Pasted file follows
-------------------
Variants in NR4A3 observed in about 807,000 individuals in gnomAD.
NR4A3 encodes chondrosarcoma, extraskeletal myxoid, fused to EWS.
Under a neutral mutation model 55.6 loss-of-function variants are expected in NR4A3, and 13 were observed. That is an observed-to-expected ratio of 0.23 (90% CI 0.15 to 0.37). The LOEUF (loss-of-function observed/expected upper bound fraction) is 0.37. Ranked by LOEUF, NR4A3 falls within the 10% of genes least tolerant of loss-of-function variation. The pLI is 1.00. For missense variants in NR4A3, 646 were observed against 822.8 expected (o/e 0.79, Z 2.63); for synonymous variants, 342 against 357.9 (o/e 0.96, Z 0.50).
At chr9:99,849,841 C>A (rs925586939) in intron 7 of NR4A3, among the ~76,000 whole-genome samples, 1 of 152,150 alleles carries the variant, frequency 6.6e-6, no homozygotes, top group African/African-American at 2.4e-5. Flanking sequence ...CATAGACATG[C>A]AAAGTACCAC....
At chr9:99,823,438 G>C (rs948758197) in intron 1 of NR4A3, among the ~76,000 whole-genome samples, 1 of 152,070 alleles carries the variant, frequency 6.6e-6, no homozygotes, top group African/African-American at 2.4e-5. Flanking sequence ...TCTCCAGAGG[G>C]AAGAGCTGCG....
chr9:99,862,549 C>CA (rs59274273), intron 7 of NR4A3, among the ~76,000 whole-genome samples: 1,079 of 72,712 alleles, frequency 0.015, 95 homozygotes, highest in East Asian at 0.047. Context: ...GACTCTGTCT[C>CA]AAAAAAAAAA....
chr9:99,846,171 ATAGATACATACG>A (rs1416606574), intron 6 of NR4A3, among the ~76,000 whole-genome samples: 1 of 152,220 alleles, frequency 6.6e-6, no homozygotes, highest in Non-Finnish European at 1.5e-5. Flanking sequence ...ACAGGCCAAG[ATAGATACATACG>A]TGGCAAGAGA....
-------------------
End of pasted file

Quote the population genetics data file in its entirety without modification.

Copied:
Variants in NR4A3 observed in about 807,000 individuals in gnomAD.
NR4A3 encodes chondrosarcoma, extraskeletal myxoid, fused to EWS.
Under a neutral mutation model 55.6 loss-of-function variants are expected in NR4A3, and 13 were observed. That is an observed-to-expected ratio of 0.23 (90% CI 0.15 to 0.37). The LOEUF (loss-of-function observed/expected upper bound fraction) is 0.37. Ranked by LOEUF, NR4A3 falls within the 10% of genes least tolerant of loss-of-function variation. The pLI is 1.00. For missense variants in NR4A3, 646 were observed against 822.8 expected (o/e 0.79, Z 2.63); for synonymous variants, 342 against 357.9 (o/e 0.96, Z 0.50).
At chr9:99,849,841 C>A (rs925586939) in intron 7 of NR4A3, among the ~76,000 whole-genome samples, 1 of 152,150 alleles carries the variant, frequency 6.6e-6, no homozygotes, top group African/African-American at 2.4e-5. Flanking sequence ...CATAGACATG[C>A]AAAGTACCAC....
At chr9:99,823,438 G>C (rs948758197) in intron 1 of NR4A3, among the ~76,000 whole-genome samples, 1 of 152,070 alleles carries the variant, frequency 6.6e-6, no homozygotes, top group African/African-American at 2.4e-5. Flanking sequence ...TCTCCAGAGG[G>C]AAGAGCTGCG....
chr9:99,862,549 C>CA (rs59274273), intron 7 of NR4A3, among the ~76,000 whole-genome samples: 1,079 of 72,712 alleles, frequency 0.015, 95 homozygotes, highest in East Asian at 0.047. Context: ...GACTCTGTCT[C>CA]AAAAAAAAAA....
chr9:99,846,171 ATAGATACATACG>A (rs1416606574), intron 6 of NR4A3, among the ~76,000 whole-genome samples: 1 of 152,220 alleles, frequency 6.6e-6, no homozygotes, highest in Non-Finnish European at 1.5e-5. Flanking sequence ...ACAGGCCAAG[ATAGATACATACG>A]TGGCAAGAGA....